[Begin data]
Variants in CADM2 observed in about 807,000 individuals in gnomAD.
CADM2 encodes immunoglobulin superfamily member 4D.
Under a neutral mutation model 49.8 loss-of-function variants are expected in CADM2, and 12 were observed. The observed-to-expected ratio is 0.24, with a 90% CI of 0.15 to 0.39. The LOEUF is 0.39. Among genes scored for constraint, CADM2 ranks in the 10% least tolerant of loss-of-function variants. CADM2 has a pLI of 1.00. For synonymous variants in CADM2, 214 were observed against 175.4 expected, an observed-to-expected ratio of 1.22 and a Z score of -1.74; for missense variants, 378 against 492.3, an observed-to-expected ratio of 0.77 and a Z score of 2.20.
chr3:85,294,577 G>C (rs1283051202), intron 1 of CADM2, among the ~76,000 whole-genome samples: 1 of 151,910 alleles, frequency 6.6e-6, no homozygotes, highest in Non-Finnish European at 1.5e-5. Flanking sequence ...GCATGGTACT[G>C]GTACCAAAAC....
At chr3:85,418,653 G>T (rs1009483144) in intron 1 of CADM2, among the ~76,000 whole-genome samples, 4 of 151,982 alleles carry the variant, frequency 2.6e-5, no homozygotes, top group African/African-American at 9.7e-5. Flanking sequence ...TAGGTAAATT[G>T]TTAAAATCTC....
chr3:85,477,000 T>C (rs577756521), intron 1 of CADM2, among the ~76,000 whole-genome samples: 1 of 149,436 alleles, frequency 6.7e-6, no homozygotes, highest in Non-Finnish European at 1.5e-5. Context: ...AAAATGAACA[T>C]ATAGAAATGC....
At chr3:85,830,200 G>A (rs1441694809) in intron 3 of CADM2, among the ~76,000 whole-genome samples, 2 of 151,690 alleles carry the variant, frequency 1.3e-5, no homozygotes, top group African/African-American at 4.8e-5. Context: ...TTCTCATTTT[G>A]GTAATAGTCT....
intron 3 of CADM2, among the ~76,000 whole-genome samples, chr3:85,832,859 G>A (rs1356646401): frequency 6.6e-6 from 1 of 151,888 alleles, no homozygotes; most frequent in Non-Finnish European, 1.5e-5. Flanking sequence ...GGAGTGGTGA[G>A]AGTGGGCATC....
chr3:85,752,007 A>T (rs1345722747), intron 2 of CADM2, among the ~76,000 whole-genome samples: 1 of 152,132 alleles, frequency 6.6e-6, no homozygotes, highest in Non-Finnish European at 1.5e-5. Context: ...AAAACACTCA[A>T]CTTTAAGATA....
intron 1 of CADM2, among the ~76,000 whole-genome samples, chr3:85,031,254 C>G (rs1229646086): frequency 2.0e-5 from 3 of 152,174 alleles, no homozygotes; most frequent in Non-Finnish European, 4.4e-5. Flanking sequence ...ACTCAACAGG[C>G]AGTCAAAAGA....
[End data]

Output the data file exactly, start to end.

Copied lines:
Variants in CADM2 observed in about 807,000 individuals in gnomAD.
CADM2 encodes immunoglobulin superfamily member 4D.
Under a neutral mutation model 49.8 loss-of-function variants are expected in CADM2, and 12 were observed. The observed-to-expected ratio is 0.24, with a 90% CI of 0.15 to 0.39. The LOEUF is 0.39. Among genes scored for constraint, CADM2 ranks in the 10% least tolerant of loss-of-function variants. CADM2 has a pLI of 1.00. For synonymous variants in CADM2, 214 were observed against 175.4 expected, an observed-to-expected ratio of 1.22 and a Z score of -1.74; for missense variants, 378 against 492.3, an observed-to-expected ratio of 0.77 and a Z score of 2.20.
chr3:85,294,577 G>C (rs1283051202), intron 1 of CADM2, among the ~76,000 whole-genome samples: 1 of 151,910 alleles, frequency 6.6e-6, no homozygotes, highest in Non-Finnish European at 1.5e-5. Flanking sequence ...GCATGGTACT[G>C]GTACCAAAAC....
At chr3:85,418,653 G>T (rs1009483144) in intron 1 of CADM2, among the ~76,000 whole-genome samples, 4 of 151,982 alleles carry the variant, frequency 2.6e-5, no homozygotes, top group African/African-American at 9.7e-5. Flanking sequence ...TAGGTAAATT[G>T]TTAAAATCTC....
chr3:85,477,000 T>C (rs577756521), intron 1 of CADM2, among the ~76,000 whole-genome samples: 1 of 149,436 alleles, frequency 6.7e-6, no homozygotes, highest in Non-Finnish European at 1.5e-5. Context: ...AAAATGAACA[T>C]ATAGAAATGC....
At chr3:85,830,200 G>A (rs1441694809) in intron 3 of CADM2, among the ~76,000 whole-genome samples, 2 of 151,690 alleles carry the variant, frequency 1.3e-5, no homozygotes, top group African/African-American at 4.8e-5. Context: ...TTCTCATTTT[G>A]GTAATAGTCT....
intron 3 of CADM2, among the ~76,000 whole-genome samples, chr3:85,832,859 G>A (rs1356646401): frequency 6.6e-6 from 1 of 151,888 alleles, no homozygotes; most frequent in Non-Finnish European, 1.5e-5. Flanking sequence ...GGAGTGGTGA[G>A]AGTGGGCATC....
chr3:85,752,007 A>T (rs1345722747), intron 2 of CADM2, among the ~76,000 whole-genome samples: 1 of 152,132 alleles, frequency 6.6e-6, no homozygotes, highest in Non-Finnish European at 1.5e-5. Context: ...AAAACACTCA[A>T]CTTTAAGATA....
intron 1 of CADM2, among the ~76,000 whole-genome samples, chr3:85,031,254 C>G (rs1229646086): frequency 2.0e-5 from 3 of 152,174 alleles, no homozygotes; most frequent in Non-Finnish European, 4.4e-5. Flanking sequence ...ACTCAACAGG[C>G]AGTCAAAAGA....